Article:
Lin-Manuel Miranda’s Ham4Ham follows a long tradition of Latina/o (or the ancestors of present-day Latina/os) theatremaking that dates back to when the events in Hamilton were happening. As Nicolás Kanellos describes, there is evidence that as early as the 1790s, while Alexander Hamilton was going toe-to-toe with Thomas Jefferson and Aaron Burr, professional Spanish-language theatre companies were performing in community settings in California. This continued throughout the nineteenth century as Spanish-language theatre companies frequently traveled throughout the country performing for the public and, later in the 1920s-1940s, Mexican-American duo La Bella Netty and Jesús Rodríguez traveled the Southwest performing short skits in public spaces. These are but a few examples. In fact “taking it to the streets” was a central principal of early Latina/o theatre movements in the United States, most notably El Teatro Campesino beginning in 1965 in the grape farms in California’s Central Valley to as recently as their October, 2015 collaboration with Center Theatre Group to present Popol Vuh: Heart of Heaven in downtown Los Angeles’s Grand Park.
The philosophy behind this is simple. If the people won’t come to the theatre, then take the theatre to the people. While El Teatro Campesino’s “taking it to the streets” originated from a place of social protest, Ham4Ham does so to create accessibility, tap into social media, and ultimately generate a free, self-functioning marketing campaign. In this way, Ham4Ham falls into a lineage of accessibility as a Latina/o theatremaking aesthetic—what I call an “aesthetics of accessibility”—that finds its roots in El Teatro Campesino. Others see Hamilton’s taking it to the streets as a tribute to the collaborative roots of hip-hop.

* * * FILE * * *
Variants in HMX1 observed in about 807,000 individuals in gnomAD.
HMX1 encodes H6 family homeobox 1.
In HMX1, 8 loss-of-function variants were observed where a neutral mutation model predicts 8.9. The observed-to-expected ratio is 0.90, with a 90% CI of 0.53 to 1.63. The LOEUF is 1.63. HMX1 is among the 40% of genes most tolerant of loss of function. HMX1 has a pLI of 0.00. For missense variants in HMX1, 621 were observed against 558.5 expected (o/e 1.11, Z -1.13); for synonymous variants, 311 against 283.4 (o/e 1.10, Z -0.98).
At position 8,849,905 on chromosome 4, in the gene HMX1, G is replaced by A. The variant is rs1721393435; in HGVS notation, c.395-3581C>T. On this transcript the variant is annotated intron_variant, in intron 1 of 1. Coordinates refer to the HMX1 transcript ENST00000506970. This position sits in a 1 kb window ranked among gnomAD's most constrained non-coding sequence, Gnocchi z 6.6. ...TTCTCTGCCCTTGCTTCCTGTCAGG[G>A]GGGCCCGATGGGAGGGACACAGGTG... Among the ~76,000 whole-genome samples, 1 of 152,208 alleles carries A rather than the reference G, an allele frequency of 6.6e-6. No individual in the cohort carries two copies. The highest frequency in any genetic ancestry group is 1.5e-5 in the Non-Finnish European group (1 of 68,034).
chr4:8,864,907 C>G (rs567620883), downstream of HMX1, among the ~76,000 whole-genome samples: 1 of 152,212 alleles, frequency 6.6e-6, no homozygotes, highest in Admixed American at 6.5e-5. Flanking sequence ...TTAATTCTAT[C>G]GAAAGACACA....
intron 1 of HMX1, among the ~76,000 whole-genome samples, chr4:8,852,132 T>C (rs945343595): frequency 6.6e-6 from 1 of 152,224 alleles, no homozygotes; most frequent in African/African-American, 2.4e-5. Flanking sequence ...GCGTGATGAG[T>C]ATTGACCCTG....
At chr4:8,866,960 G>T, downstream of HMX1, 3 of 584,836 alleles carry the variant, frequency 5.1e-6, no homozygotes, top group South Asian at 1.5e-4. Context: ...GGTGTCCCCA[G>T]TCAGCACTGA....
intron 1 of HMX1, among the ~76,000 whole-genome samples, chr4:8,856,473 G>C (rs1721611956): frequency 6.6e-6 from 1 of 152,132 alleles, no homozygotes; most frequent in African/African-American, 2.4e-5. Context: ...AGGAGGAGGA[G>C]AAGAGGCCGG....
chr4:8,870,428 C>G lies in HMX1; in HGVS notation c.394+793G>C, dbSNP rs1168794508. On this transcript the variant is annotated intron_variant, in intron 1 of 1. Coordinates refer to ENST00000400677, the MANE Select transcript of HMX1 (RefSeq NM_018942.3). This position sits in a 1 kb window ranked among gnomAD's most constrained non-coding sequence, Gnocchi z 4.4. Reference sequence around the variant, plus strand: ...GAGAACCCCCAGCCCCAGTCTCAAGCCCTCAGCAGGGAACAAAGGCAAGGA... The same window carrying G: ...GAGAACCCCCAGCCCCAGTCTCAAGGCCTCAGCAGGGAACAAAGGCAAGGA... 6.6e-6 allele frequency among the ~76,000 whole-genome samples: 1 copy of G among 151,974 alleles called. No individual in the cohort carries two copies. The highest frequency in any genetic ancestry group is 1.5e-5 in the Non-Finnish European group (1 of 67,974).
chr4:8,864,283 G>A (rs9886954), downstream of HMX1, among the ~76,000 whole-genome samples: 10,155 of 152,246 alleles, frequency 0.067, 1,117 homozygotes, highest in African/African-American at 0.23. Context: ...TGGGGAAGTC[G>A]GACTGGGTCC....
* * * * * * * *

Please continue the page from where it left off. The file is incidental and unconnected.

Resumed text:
This aesthetics of accessibility cannot be overlooked in this age of hyper-commercialization on Broadway. In taking Hamilton “to the streets,” Miranda debunks the inaccessibility of Broadway. It is no secret that Broadway ticket prices have grown astronomically in recent years. Even Hamilton’s lowest ticket price is $139 before fees and taxes for the most-recent block of tickets (with prices rising well over $500 for prime seats). Naturally, these price points create a barrier that only allows certain people access, and leads many to disregard Broadway as a viable entertainment form.
Here you have the most commercial theatre in the world offering free shows featuring Broadway talent—oftentimes Hamilton cast members and a virtual who’s who of Broadway—on the sidewalk on a bi-weekly basis, breaking down the barrier between performer and spectator by placing everyone tightly underneath the Richard Rodgers marquee. In this way, the spectators become active participants and are arguably as important as the show itself; having a critical mass maintains Ham4Ham and Hamilton as must-see events. All of the things that are frowned upon inside the theatre are encouraged outside: hooting and hollering, photography, taking video, social media, and interacting with the performers—not to mention unwrapping your throat lozenges as loudly as you want.
Ham4Ham just goes to show that sometimes the revolution isn’t just on stage or even in the theatre. It’s on the streets.